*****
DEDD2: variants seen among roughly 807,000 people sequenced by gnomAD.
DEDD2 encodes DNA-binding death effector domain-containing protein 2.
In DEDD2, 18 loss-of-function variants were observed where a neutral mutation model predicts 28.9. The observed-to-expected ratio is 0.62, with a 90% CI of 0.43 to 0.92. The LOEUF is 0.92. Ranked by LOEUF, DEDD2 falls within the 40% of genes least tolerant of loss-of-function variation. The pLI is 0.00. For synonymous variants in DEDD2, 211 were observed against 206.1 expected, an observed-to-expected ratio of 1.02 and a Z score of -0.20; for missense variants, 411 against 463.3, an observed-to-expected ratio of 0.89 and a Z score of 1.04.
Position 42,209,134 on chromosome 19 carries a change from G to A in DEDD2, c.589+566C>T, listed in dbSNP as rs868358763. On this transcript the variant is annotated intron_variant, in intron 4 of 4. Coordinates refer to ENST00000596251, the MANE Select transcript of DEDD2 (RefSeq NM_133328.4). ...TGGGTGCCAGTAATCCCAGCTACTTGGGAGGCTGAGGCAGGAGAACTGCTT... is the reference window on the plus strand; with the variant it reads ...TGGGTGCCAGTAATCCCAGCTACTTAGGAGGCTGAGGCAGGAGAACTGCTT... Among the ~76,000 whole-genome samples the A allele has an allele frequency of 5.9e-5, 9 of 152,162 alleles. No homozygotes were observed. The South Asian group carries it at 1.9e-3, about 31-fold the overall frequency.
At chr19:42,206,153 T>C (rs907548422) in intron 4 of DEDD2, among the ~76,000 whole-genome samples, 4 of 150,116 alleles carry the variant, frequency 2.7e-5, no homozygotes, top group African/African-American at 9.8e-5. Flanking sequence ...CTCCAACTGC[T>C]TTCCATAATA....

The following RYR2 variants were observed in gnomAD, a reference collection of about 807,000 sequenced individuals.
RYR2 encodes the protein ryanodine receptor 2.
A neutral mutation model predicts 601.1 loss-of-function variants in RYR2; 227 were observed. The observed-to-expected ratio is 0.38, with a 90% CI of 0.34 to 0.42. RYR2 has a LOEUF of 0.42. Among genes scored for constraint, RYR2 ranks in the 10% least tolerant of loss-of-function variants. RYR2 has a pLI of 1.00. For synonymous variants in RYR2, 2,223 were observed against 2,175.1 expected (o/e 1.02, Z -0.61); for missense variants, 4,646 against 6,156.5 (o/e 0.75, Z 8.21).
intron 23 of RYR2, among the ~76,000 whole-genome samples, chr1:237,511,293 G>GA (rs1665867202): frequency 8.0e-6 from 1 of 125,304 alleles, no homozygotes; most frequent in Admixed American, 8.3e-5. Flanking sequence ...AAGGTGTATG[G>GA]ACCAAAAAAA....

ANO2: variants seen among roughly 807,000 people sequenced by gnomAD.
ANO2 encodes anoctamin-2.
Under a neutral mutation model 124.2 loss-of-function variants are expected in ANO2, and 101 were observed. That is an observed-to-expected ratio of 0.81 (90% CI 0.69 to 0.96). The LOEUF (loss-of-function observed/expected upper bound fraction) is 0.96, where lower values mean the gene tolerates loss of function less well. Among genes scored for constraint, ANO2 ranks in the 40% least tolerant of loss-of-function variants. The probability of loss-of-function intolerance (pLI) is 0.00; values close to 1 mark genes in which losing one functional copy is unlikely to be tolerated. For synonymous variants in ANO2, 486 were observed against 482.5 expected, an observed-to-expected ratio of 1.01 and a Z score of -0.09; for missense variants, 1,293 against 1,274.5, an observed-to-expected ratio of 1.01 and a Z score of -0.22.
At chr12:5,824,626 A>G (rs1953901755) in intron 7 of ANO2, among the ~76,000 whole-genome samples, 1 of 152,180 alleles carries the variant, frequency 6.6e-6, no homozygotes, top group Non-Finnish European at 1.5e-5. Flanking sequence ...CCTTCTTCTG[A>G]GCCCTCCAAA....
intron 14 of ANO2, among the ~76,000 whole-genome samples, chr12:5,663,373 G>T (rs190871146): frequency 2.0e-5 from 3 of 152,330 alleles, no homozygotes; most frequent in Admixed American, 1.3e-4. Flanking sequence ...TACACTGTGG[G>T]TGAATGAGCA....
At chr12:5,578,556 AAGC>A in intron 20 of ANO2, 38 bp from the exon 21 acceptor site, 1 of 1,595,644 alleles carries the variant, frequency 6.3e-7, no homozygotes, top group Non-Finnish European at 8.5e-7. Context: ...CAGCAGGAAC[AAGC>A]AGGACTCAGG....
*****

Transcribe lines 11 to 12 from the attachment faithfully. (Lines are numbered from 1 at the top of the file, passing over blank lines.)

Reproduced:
ANO2 encodes anoctamin-2.
Under a neutral mutation model 124.2 loss-of-function variants are expected in ANO2, and 101 were observed. That is an observed-to-expected ratio of 0.81 (90% CI 0.69 to 0.96). The LOEUF (loss-of-function observed/expected upper bound fraction) is 0.96, where lower values mean the gene tolerates loss of function less well. Among genes scored for constraint, ANO2 ranks in the 40% least tolerant of loss-of-function variants. The probability of loss-of-function intolerance (pLI) is 0.00; values close to 1 mark genes in which losing one functional copy is unlikely to be tolerated. For synonymous variants in ANO2, 486 were observed against 482.5 expected, an observed-to-expected ratio of 1.01 and a Z score of -0.09; for missense variants, 1,293 against 1,274.5, an observed-to-expected ratio of 1.01 and a Z score of -0.22.